The European Parliament has today agreed its position on proposals for updated data protection rules for businesses, public authorities and police throughout the EU. Once the 28 EU governments reach their common position – hopefully by June – negotiations can take place to enshrine these in EU law.
MEPs are insisting that citizens should be given greater control over how their data is used, by strengthening consent requirements, regulating profiling and direct marketing, and ensuring the right to object and get data erased. They want fines of up to 5% of yearly turnover to sanction companies that break the rules. Liberal Democrats secured a shift from too much red tape to an approach focussed on rights and safeguards for real risks, and avoiding unnecessary restrictions on legitimate use of data for innovation and research.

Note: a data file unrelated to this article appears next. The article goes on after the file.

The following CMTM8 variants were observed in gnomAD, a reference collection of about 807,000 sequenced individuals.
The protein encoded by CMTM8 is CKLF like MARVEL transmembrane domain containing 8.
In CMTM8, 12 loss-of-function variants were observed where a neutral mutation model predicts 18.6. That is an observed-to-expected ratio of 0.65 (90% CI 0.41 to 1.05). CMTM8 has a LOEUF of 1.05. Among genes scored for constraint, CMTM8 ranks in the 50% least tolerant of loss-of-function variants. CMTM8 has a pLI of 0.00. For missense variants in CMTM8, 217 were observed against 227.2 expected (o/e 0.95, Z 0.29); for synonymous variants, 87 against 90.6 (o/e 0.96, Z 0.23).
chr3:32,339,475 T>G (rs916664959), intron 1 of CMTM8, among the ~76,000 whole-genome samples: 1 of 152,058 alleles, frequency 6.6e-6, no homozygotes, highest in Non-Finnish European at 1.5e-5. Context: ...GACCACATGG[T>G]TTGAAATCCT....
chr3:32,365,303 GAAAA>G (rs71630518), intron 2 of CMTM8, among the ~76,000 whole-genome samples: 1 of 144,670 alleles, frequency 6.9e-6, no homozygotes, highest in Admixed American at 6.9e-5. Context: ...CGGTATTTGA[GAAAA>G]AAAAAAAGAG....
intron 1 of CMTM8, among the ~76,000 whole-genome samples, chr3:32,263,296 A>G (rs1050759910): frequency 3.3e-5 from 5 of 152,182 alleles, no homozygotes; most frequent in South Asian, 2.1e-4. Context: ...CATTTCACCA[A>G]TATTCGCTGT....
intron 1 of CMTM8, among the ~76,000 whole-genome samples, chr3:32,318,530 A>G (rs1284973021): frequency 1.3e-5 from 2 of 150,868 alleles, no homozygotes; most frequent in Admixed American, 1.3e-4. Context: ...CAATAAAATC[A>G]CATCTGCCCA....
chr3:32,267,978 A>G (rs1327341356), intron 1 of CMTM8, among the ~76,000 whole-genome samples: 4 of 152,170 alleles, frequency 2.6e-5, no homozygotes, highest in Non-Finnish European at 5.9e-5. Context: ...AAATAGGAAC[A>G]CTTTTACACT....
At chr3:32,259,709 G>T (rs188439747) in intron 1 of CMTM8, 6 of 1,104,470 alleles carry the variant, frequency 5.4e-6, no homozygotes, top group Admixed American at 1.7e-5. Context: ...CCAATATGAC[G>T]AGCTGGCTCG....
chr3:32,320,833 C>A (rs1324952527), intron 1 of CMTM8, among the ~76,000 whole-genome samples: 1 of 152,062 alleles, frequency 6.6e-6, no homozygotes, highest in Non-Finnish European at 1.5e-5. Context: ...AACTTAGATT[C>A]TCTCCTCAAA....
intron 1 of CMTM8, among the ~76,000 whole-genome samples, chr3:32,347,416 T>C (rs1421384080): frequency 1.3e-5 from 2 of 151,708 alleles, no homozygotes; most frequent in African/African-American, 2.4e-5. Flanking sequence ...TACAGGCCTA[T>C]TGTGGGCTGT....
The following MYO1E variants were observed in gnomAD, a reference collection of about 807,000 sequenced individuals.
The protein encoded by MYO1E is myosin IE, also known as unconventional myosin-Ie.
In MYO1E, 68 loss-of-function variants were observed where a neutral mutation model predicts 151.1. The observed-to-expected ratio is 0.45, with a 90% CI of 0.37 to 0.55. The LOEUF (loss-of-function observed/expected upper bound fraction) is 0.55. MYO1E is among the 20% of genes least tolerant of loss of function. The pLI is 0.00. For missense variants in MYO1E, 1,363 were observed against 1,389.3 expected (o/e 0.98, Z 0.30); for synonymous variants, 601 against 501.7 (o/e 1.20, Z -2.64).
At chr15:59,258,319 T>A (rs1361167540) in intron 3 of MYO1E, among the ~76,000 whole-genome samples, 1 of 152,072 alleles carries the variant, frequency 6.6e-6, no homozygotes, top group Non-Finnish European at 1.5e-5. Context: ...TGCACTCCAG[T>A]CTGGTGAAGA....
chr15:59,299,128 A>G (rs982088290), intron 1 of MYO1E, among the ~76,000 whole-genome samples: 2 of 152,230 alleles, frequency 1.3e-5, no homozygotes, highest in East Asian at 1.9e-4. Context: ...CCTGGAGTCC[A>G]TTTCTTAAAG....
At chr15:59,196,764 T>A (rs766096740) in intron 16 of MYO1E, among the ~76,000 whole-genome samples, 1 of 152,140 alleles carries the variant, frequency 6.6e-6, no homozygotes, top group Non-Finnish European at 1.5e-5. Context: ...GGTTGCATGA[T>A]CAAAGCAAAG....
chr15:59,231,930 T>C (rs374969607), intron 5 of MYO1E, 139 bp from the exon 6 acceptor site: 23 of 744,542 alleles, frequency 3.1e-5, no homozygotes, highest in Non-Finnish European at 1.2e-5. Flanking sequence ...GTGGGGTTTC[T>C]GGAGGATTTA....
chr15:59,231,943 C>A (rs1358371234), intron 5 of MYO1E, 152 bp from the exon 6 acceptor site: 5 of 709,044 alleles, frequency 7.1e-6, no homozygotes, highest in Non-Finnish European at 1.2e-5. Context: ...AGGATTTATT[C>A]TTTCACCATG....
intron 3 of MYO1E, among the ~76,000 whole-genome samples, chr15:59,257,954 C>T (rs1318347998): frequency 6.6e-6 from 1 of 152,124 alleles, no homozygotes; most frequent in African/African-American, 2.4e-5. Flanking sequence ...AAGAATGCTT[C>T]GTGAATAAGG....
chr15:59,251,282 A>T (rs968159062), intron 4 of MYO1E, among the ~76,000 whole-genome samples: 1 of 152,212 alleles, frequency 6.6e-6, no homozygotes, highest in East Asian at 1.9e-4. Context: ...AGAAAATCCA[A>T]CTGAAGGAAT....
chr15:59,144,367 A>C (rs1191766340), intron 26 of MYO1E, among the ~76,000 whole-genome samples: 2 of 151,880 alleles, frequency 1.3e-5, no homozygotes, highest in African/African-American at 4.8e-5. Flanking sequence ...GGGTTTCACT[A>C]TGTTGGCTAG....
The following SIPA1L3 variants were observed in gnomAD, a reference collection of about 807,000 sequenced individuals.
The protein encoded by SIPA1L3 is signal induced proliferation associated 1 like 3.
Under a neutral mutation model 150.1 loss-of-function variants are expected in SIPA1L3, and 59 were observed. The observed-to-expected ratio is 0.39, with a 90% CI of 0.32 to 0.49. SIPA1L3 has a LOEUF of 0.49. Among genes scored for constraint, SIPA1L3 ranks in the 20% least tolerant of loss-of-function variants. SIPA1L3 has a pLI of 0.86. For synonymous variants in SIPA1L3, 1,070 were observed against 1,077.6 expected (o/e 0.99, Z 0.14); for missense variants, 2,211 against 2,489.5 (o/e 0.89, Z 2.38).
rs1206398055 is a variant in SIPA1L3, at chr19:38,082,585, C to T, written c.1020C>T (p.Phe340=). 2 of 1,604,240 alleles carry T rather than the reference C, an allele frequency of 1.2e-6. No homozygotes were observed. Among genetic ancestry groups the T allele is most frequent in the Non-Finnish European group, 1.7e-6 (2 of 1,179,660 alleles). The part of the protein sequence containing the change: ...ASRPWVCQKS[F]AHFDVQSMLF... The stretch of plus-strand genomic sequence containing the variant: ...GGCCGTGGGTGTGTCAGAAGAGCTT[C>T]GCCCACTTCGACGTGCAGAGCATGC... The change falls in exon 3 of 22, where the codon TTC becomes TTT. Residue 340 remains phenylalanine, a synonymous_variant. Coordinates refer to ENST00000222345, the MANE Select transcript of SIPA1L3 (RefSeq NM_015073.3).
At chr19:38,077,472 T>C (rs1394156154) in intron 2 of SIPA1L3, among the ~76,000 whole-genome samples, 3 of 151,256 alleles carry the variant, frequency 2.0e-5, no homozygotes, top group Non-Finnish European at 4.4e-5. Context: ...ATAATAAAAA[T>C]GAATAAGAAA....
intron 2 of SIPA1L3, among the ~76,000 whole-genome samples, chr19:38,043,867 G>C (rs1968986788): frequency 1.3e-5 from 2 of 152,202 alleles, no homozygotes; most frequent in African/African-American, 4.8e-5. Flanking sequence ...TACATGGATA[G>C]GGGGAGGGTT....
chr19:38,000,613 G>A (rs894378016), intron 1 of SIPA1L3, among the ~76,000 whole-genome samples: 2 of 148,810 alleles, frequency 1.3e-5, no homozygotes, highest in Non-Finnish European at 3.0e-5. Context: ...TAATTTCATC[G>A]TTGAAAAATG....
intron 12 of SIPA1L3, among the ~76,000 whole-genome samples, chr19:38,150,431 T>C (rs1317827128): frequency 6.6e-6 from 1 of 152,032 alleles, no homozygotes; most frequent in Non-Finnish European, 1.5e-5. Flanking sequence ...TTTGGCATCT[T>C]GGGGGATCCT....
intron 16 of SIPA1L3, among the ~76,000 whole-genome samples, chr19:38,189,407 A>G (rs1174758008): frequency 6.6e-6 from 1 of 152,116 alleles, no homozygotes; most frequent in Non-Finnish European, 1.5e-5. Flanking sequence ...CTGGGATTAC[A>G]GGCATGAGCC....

Co-negotiator for the Liberal (ALDE) group in the European Parliament, LibDem MEP Sarah Ludford said:
“Data protection is a fundamental right, and citizens must be able to determine how and when their personal data is processed. The new EU rules, updated from a law 20 years old, are needed both to strengthen safeguards in a digital age and ensure consistent EU-wide ‘single market’ rules for the benefit of consumers as well as businesses.”
“Liberal Democrats have played a key role in securing a balanced text which will guarantee substantive privacy rights across Europe and tough sanctions for rule-breakers, but allow the legitimate and secure processing of data which is crucial for technical innovation and medical research.”
“Against the background of the Snowden revelations, I successfully pushed for the inclusion of a provision to protect European citizens data from being accessed by the NSA and other foreign intelligence services. I am delighted that Liberal Democrats at home are also acting to stop GCHQ conduct unwarranted mass surveillance.”